The first week of the month is usually devoted to data watching in the US as the world’s largest economy unveils purchasing managers’ indices and employment data. Mostly, data for May proved disappointing. Job creation slowed and those who were unemployed were left to “enjoy” that status longer than they would like. That is, the duration of unemployment rose in May rather sharply. Then, earlier this week, we had the Job Openings and Labor Turnover Survey. It fell sharply below three million mark in April. This has broken the improvement in the applicants/openings ratio in the US. It has crept up to 4.7 from 4.34. To cap it all, the Federal Reserve chairman sounded somewhat more downbeat in his economic assessment on Tuesday. This was the backdrop to the spate of central bank policy meetings held last week in Asia-Pacific and to the policy meeting of the Reserve Bank of India (RBI) to be held this week.
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Although the Reserve Bank of Australia (RBA) has been an exception to that Asian policy conduct, RBA left its policy rate unchanged at 4.75%. The bank might have been mildly troubled by the housing loan data released the day after it decided to stand pat on rates. Australian banks continue to extend loans for mortgages. The small comfort is that they are making less of them for investment purposes and more for owner-occupied homes. Finally, the May employment data must have vindicated the RBA standing pat on rates. Full-time employment dropped and the participation rate has come down. Australian labour market has clearly acquired and retains the soft tone now.
On Thursday, Bank Indonesia and the Reserve Bank of New Zealand followed RBA and left rates unchanged at 6.75% and 2.5%, respectively. Indonesian credit and money supply growth are running well above the desired level for a country that is experiencing nominal GDP growth of around 12%. Yet, Bank Indonesia has been leaving its nominal policy rate at 6.75% for the last several months even as inflation is held back by one-off factors. Indonesia might be testing the limits of investors’ romance with the nation.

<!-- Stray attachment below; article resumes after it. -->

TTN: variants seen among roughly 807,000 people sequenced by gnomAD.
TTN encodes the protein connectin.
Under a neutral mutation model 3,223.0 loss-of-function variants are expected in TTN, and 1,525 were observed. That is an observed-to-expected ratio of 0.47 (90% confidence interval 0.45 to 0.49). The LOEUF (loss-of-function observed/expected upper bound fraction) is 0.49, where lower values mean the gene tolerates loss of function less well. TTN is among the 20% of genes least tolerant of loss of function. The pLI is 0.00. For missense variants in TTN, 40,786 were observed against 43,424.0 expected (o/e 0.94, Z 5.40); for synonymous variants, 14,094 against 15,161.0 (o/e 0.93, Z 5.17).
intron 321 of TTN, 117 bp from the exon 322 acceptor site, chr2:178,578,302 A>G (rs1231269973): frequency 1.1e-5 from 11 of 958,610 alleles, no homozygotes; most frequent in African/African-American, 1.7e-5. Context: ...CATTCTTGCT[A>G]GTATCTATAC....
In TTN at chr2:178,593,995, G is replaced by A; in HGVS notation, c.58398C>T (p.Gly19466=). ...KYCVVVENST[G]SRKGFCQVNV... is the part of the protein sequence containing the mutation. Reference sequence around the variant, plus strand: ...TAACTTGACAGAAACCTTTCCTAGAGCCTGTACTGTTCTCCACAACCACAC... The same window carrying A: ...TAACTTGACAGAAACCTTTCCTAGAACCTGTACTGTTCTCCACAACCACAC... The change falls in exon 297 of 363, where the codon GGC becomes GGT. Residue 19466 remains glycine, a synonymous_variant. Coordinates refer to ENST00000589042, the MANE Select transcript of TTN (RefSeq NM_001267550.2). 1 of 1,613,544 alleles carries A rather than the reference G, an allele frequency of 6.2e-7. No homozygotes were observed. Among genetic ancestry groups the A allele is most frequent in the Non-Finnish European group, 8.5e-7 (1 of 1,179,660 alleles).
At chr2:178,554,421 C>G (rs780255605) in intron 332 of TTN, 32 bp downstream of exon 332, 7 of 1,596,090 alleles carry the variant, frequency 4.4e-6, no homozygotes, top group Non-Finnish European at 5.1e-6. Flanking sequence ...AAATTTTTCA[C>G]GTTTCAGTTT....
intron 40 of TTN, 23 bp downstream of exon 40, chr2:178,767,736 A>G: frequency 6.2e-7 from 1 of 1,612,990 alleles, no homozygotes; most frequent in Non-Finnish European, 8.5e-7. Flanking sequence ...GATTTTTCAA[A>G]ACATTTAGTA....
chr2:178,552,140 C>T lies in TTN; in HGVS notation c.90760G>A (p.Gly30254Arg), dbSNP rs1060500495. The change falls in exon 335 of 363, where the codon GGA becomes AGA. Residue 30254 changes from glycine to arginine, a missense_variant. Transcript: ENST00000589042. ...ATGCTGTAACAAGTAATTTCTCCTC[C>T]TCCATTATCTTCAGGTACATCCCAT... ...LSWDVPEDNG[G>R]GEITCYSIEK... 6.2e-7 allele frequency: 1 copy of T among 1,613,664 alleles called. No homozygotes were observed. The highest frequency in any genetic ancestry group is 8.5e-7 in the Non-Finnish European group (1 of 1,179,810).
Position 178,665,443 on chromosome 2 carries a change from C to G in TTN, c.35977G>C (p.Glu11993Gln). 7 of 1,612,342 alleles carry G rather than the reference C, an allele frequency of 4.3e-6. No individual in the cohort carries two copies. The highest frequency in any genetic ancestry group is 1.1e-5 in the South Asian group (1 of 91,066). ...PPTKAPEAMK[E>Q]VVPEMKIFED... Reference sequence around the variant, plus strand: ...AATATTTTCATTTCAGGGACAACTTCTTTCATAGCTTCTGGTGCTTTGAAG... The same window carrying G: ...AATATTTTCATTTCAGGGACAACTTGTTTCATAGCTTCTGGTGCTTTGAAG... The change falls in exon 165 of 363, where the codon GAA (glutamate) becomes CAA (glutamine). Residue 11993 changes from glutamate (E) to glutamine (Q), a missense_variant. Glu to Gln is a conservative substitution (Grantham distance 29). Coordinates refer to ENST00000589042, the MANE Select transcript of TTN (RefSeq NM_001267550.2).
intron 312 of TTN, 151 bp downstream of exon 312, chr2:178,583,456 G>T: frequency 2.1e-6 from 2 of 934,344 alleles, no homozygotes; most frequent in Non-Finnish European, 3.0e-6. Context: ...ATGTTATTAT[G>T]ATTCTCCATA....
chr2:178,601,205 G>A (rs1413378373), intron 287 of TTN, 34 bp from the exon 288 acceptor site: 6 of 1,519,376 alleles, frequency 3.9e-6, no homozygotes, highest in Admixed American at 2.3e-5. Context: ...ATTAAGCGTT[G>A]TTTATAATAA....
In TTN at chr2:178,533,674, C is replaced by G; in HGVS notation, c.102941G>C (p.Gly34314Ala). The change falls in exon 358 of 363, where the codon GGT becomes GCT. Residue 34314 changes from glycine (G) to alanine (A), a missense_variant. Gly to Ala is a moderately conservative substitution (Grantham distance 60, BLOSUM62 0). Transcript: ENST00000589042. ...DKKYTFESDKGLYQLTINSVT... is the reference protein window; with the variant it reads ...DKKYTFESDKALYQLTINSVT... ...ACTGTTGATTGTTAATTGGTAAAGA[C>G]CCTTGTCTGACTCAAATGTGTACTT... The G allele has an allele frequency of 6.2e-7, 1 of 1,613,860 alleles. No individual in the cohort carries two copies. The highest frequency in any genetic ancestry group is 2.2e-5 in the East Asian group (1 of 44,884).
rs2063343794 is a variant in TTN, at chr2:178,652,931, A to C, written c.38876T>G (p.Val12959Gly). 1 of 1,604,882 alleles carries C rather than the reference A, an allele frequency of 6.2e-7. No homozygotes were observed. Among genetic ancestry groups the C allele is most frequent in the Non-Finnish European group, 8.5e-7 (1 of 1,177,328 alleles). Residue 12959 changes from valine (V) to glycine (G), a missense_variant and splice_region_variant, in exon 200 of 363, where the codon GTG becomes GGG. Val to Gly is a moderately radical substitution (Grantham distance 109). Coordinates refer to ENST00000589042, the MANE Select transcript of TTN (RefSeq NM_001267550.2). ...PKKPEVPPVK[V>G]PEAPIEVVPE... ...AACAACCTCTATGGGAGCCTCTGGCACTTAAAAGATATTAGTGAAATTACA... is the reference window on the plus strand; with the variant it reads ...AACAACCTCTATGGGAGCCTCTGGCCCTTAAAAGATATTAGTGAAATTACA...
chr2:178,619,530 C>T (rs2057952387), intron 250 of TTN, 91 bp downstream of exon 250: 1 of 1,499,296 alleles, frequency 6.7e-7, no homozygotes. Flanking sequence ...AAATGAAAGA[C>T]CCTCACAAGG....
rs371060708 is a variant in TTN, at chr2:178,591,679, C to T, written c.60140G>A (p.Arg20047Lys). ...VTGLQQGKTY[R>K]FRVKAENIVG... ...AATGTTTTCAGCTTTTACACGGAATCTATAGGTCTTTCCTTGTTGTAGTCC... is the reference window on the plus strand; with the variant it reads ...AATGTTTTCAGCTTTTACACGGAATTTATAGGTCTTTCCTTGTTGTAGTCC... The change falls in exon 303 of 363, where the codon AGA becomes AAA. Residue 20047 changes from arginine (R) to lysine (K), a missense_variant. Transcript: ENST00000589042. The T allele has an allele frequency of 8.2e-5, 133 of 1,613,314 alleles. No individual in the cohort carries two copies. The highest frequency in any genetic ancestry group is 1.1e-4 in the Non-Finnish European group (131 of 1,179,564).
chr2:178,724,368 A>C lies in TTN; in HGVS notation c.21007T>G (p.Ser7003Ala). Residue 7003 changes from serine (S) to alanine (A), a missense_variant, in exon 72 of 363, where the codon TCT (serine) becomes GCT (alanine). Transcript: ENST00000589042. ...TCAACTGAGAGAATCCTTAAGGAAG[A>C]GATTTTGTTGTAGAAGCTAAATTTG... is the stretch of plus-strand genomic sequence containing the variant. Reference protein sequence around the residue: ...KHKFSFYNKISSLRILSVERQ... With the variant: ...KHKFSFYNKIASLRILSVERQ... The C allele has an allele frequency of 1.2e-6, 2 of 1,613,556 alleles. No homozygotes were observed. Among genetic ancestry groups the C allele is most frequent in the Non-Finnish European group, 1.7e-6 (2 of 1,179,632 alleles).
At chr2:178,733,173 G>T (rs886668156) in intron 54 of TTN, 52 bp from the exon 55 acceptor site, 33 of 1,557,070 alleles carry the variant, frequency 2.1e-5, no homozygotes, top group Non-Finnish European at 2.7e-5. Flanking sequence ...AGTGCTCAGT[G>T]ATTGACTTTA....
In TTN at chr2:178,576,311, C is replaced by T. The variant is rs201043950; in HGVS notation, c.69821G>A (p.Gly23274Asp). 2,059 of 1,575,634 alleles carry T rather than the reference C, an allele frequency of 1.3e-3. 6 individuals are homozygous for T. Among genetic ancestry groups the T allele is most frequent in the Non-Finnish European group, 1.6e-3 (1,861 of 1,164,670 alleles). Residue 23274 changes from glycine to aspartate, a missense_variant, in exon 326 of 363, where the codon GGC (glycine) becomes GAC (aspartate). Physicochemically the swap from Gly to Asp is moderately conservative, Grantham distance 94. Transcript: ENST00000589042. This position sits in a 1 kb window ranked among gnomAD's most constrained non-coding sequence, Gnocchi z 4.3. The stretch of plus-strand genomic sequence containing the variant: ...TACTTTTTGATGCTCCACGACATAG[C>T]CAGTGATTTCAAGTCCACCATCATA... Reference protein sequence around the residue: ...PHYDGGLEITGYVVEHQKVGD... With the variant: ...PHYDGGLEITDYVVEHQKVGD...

The final estimate of South Korea’s first quarter GDP growth was little revised from the initial estimate. Annual growth slowed to 4.2% in the first quarter. Real GDP growth was double that in the first quarter of 2010. The Bank of Korea surprisingly raised the policy rate to 3.25% from 3.0%. Yours truly had little doubt that the Bank of Korea would leave the policy rate unchanged at 3.0%. Korea again has to battle the age-old scourge of excess debt held by Korean households. At the end of 2010, Korean household debt/disposable income ratio stood at 155%. Korea’s determination to gain control over inflation will be tested.
All told, Asian central banks are not preparing ahead for the eventual revisit of quantitative easing by Western central banks. Bare Talk hopes that RBI would prove him wrong. Estimates of capital required by European banks run into hundreds of billions of dollars, even without taking into account any restructuring of debt owed them by Greece, Spain, Portugal and Ireland. Across the Atlantic, US banks are trying to run rings around regulators since their post-crisis recovery in margins has peaked. Banks in both these regions are not in a position to handle higher rates. In his speech last Tuesday, Bernanke signalled that he is on hold for a long period.
Although the Bank of England monetary policy committee (MPC) meeting held on Thursday left the interest rate unchanged at 0.5% and did not add to its quantitative easing programme, the Bank of England needs to be watched in the months ahead. It was the intellectual precursor to the Federal Reserve on quantitative easing. In the months ahead, if the MPC decides to increase the quantum of its gilt purchases from the current £250 billion, it will send a strong signal to the investing community that the era of quantitative easing is not over. It will provide intellectual support for the Federal Reserve to launch a third round of quantitative easing later. The federal open market committee is due to meet for two days on 21-22 June. The committee might signal its willingness to provide additional monetary stimulus at a later date—for what it is worth.
That might set off a rally in risky assets including that of Asian stocks, bonds and currencies. Prices of commodities will climb again. With the rise in commodity prices, inflation expectations will rise, too. Not just in the US but in Asia, too. Asian central banks will again fall behind the curve with token rate hikes that would fall well short of the spike in inflation that is sure to come. Households will face a higher cost of living and small and medium enterprises will face higher costs of doing business. As things stand now, much as one tries, one fails to get excited about financial markets for the second half.
V. Anantha Nageswaran is chief investment officer for an international wealth manager. These are his personal views.
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